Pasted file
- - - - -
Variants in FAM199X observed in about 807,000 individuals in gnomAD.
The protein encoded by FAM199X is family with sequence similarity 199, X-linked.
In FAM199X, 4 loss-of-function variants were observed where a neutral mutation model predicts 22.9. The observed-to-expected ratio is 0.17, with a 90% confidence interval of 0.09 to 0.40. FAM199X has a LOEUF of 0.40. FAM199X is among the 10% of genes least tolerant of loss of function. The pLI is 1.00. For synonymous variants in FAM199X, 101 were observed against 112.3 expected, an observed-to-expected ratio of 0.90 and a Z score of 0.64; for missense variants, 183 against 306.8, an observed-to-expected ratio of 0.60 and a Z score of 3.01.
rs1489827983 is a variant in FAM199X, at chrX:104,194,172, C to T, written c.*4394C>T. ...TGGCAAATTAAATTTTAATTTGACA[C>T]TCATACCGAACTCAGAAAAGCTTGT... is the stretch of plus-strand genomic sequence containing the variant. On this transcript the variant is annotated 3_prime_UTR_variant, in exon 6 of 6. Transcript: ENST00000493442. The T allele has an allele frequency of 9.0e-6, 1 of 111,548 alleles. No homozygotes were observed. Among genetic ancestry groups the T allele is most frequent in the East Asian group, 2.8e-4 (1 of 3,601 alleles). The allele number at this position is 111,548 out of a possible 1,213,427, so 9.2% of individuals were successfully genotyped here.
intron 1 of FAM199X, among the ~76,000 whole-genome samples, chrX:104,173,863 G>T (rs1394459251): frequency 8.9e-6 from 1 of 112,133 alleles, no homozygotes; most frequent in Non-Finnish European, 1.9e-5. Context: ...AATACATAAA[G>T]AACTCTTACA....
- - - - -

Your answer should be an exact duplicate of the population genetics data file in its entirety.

Variants in FAM199X observed in about 807,000 individuals in gnomAD.
The protein encoded by FAM199X is family with sequence similarity 199, X-linked.
In FAM199X, 4 loss-of-function variants were observed where a neutral mutation model predicts 22.9. The observed-to-expected ratio is 0.17, with a 90% confidence interval of 0.09 to 0.40. FAM199X has a LOEUF of 0.40. FAM199X is among the 10% of genes least tolerant of loss of function. The pLI is 1.00. For synonymous variants in FAM199X, 101 were observed against 112.3 expected, an observed-to-expected ratio of 0.90 and a Z score of 0.64; for missense variants, 183 against 306.8, an observed-to-expected ratio of 0.60 and a Z score of 3.01.
rs1489827983 is a variant in FAM199X, at chrX:104,194,172, C to T, written c.*4394C>T. ...TGGCAAATTAAATTTTAATTTGACA[C>T]TCATACCGAACTCAGAAAAGCTTGT... is the stretch of plus-strand genomic sequence containing the variant. On this transcript the variant is annotated 3_prime_UTR_variant, in exon 6 of 6. Transcript: ENST00000493442. The T allele has an allele frequency of 9.0e-6, 1 of 111,548 alleles. No homozygotes were observed. Among genetic ancestry groups the T allele is most frequent in the East Asian group, 2.8e-4 (1 of 3,601 alleles). The allele number at this position is 111,548 out of a possible 1,213,427, so 9.2% of individuals were successfully genotyped here.
intron 1 of FAM199X, among the ~76,000 whole-genome samples, chrX:104,173,863 G>T (rs1394459251): frequency 8.9e-6 from 1 of 112,133 alleles, no homozygotes; most frequent in Non-Finnish European, 1.9e-5. Context: ...AATACATAAA[G>T]AACTCTTACA....